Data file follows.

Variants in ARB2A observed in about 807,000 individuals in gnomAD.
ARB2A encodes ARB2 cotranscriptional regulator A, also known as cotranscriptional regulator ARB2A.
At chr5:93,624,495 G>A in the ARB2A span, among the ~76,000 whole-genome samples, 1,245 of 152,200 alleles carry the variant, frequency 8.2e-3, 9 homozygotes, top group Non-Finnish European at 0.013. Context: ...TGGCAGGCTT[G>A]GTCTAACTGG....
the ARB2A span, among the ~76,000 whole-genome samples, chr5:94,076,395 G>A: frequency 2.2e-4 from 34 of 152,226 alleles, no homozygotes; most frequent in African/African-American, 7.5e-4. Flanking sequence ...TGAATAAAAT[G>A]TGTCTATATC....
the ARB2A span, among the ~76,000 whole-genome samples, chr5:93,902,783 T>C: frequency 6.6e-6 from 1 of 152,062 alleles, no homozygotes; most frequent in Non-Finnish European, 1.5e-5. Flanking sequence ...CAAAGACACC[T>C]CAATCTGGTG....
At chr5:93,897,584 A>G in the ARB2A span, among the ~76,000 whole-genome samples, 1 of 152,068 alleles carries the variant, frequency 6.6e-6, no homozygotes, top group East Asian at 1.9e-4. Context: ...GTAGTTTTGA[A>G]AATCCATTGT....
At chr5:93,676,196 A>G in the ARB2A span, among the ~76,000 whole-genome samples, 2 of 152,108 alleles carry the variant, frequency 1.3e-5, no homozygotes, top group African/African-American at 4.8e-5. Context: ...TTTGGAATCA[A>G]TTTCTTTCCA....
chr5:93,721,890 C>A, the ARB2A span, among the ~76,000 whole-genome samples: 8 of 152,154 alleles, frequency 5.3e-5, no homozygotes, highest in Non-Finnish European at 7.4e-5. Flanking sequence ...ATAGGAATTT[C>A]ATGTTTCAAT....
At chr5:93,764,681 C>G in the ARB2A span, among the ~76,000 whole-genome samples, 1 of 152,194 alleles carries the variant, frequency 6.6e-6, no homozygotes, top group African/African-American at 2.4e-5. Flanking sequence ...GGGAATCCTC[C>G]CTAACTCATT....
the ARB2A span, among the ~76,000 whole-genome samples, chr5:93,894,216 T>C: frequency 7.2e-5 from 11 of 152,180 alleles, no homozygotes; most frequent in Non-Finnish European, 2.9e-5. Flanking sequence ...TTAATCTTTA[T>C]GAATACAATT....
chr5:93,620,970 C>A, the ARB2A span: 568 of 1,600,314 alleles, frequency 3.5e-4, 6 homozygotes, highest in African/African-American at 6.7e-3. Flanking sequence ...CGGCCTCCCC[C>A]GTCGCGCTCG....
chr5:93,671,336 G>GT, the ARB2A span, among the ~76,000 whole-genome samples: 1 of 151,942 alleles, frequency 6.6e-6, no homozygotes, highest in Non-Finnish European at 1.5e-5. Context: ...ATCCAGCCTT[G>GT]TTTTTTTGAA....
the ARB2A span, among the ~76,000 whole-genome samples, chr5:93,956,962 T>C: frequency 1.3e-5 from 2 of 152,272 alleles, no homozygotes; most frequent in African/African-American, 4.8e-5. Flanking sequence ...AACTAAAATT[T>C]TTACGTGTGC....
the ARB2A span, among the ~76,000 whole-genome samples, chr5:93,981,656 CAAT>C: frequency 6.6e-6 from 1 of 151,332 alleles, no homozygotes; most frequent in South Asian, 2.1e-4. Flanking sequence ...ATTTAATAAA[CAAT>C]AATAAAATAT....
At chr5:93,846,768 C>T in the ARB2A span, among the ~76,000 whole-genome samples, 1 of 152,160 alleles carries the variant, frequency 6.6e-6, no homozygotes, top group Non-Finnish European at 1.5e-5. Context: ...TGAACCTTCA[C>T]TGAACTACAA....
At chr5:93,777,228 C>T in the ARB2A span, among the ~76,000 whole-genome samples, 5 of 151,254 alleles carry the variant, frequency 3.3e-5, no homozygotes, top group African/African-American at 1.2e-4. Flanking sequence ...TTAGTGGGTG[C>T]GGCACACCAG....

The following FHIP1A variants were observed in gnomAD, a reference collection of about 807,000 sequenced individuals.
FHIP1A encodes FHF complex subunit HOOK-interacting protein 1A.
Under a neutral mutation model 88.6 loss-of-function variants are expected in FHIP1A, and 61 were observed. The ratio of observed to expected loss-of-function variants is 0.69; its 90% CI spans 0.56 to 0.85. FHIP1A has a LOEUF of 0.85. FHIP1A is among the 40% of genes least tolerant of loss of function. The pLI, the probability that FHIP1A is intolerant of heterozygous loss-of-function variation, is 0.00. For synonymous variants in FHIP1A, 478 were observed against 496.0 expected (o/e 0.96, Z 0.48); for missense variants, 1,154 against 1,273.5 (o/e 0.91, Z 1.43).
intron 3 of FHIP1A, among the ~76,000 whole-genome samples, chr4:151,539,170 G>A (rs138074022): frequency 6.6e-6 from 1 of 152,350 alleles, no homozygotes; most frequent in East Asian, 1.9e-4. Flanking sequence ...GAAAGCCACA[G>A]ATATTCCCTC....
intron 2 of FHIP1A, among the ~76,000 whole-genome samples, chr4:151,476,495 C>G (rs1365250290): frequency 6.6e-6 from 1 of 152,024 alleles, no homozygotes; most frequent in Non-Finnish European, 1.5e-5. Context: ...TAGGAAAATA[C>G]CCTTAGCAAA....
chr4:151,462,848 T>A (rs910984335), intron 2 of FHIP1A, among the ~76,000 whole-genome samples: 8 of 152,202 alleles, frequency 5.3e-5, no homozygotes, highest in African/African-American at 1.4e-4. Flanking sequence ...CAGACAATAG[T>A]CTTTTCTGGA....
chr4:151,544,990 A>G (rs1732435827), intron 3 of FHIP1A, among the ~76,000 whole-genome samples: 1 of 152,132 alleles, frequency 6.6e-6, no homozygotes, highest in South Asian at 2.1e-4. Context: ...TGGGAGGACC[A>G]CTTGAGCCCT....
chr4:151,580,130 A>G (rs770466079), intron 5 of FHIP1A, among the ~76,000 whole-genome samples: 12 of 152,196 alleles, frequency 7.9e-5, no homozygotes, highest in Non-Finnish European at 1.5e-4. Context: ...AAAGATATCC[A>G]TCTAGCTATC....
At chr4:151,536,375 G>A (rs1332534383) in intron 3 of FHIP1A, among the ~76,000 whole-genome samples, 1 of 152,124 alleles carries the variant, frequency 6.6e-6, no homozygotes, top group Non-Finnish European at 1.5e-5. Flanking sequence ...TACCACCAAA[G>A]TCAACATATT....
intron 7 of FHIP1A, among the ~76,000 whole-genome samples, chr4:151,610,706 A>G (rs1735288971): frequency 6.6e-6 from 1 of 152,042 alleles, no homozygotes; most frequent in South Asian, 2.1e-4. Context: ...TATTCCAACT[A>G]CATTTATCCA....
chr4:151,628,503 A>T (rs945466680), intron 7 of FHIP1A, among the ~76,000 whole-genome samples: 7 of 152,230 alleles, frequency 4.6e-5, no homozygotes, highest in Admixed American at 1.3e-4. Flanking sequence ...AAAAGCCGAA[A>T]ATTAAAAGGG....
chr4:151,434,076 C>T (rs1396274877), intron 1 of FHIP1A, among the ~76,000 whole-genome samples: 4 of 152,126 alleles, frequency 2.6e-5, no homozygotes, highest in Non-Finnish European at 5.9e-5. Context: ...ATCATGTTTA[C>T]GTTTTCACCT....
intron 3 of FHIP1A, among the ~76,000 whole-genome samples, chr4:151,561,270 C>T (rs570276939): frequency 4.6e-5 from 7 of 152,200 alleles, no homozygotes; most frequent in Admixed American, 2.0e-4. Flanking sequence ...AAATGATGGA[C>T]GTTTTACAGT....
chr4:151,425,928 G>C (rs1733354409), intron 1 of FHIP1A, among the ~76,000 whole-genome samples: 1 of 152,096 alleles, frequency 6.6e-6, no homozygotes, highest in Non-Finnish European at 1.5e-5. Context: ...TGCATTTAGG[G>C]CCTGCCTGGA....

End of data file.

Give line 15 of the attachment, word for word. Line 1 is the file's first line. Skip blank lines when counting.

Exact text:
At chr5:93,846,768 C>T in the ARB2A span, among the ~76,000 whole-genome samples, 1 of 152,160 alleles carries the variant, frequency 6.6e-6, no homozygotes, top group Non-Finnish European at 1.5e-5. Context: ...TGAACCTTCA[C>T]TGAACTACAA....